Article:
Maybe it was the decision to release it on 14th January, a traditionally quiet time for releases, but there was a palpable sense that people were waiting for Everything Everything’s second album, Arc. Press coverage was pretty comprehensive, Kemosabe was never off the radio, and given that Man Alive was one of the most exciting and original debut albums in recent memory, expectations were high. And when you preview an album with singles of the quality of Cough Cough and Kemosabe, well, people are going to be waiting to hear what you have to say.
So, then, how has Arc fared? Well by all accounts – it landed in the top five. Torso of the Week is one of their best efforts to date, and the moment in Radiant when Jonathan Higgs’ furious shredded howl “it’s all I ever had” collapses into a crystalline chiming guitar is absolutely sublime, but there’s something wrong, and that can be summed up in one word: Duet. It is, said Higgs in an interview with the BBC, “one of the few proper songs I’ve written“. What it is is a massive string soaked concession of the heartbreaking proportions of Elbow’s One Day Like This: Duet was, in the week of release, already soundtracking montages on Match of the Day. It’s a pleasant enough song, nicely put together, but it doesn’t feel like an Everything Everything song. It feels like someone’s idea of what a band is meant to do to sound sincere, to mean anything to anyone, and from a band like this, it stings a little. Like One Day Like This, it feels out of character, and while of a higher quality than the likes of Coldplay’s Fix You, there’s no doubt it’s a stadium filler, the end of the encore, the money song.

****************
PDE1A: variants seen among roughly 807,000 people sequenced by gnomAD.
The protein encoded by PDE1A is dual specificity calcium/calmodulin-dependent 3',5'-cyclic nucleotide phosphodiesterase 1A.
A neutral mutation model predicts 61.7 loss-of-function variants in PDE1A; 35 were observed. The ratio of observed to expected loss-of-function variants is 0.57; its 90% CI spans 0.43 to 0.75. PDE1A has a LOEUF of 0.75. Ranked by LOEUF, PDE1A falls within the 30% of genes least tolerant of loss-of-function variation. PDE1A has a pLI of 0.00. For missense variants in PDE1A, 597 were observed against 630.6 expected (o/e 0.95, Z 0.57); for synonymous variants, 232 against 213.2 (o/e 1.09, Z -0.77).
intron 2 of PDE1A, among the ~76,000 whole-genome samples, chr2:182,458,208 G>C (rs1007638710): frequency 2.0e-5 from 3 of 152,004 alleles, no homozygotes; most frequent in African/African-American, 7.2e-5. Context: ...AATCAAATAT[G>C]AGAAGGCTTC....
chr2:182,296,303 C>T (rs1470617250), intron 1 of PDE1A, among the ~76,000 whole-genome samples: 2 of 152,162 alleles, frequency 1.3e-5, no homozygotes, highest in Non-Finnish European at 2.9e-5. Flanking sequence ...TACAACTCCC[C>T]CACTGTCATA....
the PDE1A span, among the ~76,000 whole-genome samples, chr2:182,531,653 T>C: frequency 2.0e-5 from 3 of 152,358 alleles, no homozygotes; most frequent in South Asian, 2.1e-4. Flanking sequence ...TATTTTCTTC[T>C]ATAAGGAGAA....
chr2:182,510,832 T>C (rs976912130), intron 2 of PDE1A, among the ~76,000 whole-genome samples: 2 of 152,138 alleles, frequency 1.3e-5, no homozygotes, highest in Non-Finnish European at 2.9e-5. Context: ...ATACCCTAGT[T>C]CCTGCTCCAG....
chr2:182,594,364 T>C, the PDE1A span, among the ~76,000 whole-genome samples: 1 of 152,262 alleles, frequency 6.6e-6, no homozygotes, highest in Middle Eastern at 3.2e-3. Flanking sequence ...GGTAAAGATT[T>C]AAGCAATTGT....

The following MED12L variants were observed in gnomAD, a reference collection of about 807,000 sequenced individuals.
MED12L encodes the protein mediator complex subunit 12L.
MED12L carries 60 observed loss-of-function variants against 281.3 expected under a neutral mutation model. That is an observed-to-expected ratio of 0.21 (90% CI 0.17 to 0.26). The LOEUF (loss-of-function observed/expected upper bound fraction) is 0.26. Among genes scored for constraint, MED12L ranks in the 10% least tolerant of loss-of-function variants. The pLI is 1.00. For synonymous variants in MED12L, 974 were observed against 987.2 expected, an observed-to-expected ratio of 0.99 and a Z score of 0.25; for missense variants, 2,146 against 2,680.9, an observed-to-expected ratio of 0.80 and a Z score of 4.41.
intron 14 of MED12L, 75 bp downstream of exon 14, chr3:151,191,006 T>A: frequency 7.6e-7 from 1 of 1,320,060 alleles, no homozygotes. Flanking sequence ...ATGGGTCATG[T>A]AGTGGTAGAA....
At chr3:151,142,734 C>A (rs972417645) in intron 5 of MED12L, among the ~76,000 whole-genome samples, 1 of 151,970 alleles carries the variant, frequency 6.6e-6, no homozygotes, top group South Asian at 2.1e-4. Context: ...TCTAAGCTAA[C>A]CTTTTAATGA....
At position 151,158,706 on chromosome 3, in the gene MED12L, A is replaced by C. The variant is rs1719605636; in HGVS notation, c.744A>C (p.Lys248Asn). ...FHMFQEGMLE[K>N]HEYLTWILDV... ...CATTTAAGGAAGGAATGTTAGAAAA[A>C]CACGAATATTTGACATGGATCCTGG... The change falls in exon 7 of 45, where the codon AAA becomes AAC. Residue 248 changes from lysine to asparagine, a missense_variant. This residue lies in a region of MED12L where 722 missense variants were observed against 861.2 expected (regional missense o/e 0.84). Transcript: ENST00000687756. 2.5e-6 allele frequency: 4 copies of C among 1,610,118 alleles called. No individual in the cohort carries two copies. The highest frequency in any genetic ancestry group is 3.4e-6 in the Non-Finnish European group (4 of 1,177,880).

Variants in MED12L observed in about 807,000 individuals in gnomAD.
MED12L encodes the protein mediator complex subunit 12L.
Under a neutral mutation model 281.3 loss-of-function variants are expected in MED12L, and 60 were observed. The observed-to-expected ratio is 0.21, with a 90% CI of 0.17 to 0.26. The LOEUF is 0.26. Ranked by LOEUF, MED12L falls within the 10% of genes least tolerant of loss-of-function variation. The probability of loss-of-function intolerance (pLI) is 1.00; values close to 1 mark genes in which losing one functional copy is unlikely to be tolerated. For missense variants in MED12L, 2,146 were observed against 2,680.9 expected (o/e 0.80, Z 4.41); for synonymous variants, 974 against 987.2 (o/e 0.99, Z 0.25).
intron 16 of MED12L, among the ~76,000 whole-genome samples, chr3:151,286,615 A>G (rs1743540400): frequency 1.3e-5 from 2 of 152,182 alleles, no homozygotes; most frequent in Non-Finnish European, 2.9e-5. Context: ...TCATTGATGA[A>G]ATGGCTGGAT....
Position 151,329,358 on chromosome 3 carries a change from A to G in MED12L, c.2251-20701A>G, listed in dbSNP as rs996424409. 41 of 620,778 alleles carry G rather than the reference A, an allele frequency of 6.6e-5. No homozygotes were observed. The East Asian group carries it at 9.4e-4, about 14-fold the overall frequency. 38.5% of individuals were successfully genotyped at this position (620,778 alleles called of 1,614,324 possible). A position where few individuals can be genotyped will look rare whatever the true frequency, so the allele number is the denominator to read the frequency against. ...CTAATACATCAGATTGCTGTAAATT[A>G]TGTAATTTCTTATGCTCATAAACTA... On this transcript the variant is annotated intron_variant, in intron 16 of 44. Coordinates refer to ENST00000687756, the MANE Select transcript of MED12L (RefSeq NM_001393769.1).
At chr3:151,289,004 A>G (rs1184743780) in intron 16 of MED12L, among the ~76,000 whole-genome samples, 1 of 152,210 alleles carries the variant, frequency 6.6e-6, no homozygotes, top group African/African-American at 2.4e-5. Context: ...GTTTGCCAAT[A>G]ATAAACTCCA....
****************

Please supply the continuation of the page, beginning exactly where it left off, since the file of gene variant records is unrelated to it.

In the same interview, Higgs deems Man Alive annoying, and other interviews around Arc’s release have seen the band say that they have made a conscious effort to write songs that the audience can sing along to. With this in mind, listen to Arc. The sheer volume of repeated lyrics is striking – not repeated choruses, choruses and verses made up almost entirely of the same line over and over. Ok, maybe it’s easier to make out the words on this album, but when you have a range like Higgs, accurate singalongs are still mostly out of the question. And it’s not like anyone went to see Jeff Buckley to sing along, is it? It’s hard not to sound a bit “oh, I liked their earlier stuff” on the subject, and the frustrating thing is that Arc is perilously close to being brilliant, but when the band have openly said that they’ve made concessions so that people like them better, it’s hard not to object. If they hadn’t been so conscious of people being able to sing along, there’s no telling what this album could have been.